Tuesday, August 27, 2013

The new girl guide promise & the origins of liberalism

The Girl Guides in the UK have changed their promise. No longer will the girl guides pledge to "love my God" but instead they will promise "to be true to myself and develop my beliefs."

This got me to thinking about the way one branch of liberalism may have developed over time. There is a certain logic to the change to the Girl Guide promise. There are now more people without religious belief in the UK. Therefore, the promise to "love my God" might have seemed to exclude these people. The new pledge "to be true to myself and develop my beliefs" would still allow Christians to follow Christianity but it would include atheists as well.

At the surface level, therefore, the pledge seems to be neutral and to allow for a variety of beliefs. It doesn't immediately seem to do harm.

But it does do harm. If we try to incorporate every possible belief or lifestyle by retreating to a position of being "true to myself and developing my beliefs" then we are establishing as the default public position a relativism and an individualism.

We are establishing relativism because the pledge to be "true to myself and develop my beliefs" sends the message that something is true only relative to myself and my own subjective beliefs. And we are retreating to an individualism in the sense that we are no longer recognising a shared belief within a community, but only an individual one.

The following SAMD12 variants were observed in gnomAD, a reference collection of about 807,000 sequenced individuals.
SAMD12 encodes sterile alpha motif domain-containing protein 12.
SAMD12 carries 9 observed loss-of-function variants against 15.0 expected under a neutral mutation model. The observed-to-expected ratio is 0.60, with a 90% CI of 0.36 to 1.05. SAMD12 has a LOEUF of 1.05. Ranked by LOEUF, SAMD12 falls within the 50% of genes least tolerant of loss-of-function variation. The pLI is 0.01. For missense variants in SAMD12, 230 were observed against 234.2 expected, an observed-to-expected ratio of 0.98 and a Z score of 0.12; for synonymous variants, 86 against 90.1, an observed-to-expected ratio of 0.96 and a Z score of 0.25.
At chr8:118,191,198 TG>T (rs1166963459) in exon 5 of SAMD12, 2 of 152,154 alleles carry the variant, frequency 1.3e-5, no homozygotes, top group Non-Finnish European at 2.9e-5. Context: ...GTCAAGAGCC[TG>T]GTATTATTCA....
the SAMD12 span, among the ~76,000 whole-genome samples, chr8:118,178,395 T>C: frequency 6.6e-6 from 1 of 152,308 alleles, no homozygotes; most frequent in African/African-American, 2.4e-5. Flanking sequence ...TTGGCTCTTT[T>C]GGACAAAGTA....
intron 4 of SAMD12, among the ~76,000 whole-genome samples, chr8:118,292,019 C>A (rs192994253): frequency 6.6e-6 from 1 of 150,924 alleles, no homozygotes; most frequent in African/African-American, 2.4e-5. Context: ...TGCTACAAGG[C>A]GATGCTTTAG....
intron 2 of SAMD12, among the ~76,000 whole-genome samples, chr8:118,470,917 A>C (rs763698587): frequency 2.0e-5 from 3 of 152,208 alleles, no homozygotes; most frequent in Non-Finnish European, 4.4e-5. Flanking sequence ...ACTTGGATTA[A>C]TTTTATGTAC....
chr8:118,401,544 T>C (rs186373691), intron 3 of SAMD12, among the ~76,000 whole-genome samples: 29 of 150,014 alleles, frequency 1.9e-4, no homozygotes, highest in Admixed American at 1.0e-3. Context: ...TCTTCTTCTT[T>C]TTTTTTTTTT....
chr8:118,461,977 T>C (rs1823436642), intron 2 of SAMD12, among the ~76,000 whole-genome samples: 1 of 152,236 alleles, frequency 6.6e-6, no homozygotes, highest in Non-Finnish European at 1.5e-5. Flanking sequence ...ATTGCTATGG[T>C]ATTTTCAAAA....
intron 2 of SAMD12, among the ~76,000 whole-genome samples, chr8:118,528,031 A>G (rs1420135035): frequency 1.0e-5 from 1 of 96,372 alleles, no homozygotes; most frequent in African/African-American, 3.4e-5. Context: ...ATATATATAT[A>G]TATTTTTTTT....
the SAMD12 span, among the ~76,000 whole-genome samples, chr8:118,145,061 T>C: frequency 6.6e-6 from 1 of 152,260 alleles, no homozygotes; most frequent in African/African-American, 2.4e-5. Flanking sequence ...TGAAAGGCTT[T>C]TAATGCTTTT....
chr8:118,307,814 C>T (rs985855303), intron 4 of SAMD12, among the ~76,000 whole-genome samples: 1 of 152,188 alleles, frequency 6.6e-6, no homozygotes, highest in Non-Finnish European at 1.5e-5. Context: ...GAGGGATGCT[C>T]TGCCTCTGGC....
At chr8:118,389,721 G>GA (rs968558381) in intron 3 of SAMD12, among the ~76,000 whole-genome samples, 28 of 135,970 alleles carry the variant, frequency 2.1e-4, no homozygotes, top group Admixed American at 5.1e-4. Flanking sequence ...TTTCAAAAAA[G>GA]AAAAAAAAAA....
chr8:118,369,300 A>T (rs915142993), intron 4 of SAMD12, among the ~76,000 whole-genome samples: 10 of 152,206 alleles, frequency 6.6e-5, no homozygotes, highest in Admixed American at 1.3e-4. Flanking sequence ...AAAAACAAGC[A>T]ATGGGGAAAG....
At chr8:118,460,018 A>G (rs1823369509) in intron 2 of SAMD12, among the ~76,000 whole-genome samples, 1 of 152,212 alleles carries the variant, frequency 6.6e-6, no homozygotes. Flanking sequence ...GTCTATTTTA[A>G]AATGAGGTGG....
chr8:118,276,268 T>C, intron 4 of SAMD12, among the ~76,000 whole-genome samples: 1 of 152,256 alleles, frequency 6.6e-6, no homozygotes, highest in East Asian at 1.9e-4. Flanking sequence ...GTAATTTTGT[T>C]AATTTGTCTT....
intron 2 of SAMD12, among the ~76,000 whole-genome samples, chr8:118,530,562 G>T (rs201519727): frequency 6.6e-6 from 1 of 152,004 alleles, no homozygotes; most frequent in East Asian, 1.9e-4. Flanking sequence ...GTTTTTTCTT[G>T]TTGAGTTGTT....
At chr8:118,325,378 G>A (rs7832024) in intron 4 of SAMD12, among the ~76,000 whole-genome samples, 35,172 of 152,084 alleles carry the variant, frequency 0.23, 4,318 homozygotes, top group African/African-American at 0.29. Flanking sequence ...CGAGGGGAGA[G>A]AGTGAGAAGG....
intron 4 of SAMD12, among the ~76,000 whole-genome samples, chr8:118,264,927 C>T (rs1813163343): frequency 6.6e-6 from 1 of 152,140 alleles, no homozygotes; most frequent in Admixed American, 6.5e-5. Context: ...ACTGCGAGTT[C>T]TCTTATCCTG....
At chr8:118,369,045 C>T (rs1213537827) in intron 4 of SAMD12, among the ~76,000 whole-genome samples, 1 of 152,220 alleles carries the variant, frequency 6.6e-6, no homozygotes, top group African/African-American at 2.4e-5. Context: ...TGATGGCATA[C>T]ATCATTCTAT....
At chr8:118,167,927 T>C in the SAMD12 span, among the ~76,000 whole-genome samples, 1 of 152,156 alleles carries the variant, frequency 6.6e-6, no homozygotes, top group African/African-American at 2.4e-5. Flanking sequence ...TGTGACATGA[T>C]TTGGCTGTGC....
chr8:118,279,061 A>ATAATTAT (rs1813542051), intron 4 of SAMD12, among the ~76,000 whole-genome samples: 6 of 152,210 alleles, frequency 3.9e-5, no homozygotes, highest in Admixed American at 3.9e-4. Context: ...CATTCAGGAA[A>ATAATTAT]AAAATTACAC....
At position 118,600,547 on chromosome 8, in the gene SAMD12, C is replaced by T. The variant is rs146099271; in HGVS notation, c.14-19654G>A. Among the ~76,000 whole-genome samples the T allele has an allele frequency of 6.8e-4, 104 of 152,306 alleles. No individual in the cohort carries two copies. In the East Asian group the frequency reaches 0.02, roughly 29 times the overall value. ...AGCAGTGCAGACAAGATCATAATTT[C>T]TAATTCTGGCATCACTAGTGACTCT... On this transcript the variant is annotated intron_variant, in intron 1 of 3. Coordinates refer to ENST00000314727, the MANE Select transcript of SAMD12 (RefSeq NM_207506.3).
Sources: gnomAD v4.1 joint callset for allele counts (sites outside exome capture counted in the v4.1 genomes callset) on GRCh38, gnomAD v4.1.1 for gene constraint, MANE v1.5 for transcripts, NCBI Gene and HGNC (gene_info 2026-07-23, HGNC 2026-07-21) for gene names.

But it is difficult for a community to operate without some sort of shared value system and so what is then left to liberalism is to make the commitment to being inclusive the focus of a communal, and publicly enforced, morality.

Furthermore, what is clearly lost within this kind of liberal value system is a commitment to shared objective goods and truths within a community. How might people feel compensated for this loss? By focusing on the freedom to make up our own individual goods. So a certain concept of freedom will then be emphasised.

It is said by some that liberalism developed from the attempt to deal with religious diversity in the wake of the Reformation and the various wars of religion. It is possible that the starting point was the well-intentioned one that I have described, but that the logic of the falsely "neutral" position it involved then went on to do great damage to Western societies.

So how then should a diversity of opinion or belief be dealt with in society? If we learn our lesson we would have to say that the relativism and individualism of the "neutrality" position should be the least favoured option. Other options:

i) The atheists are allowed to simply opt out of reciting that part of the pledge.
ii) That part of the promise is dropped and the focus is on other goods that are shared by theists and atheists alike.
iii) A separate group of guides is set up for those parents who wish to avoid the promise to God.

These are only suggestions, but I make them to show that it's not necessary to deal with a diversity of belief by turning to a principle that is perhaps intended to be neutral, but which in reality is anything but neutral and which instead strongly preferences a view of the world which is relativistic and individualistic and which leads ultimately to the intolerant enforcement of tolerance and to a dissolving view of freedom based on the idea of the self-defining individual.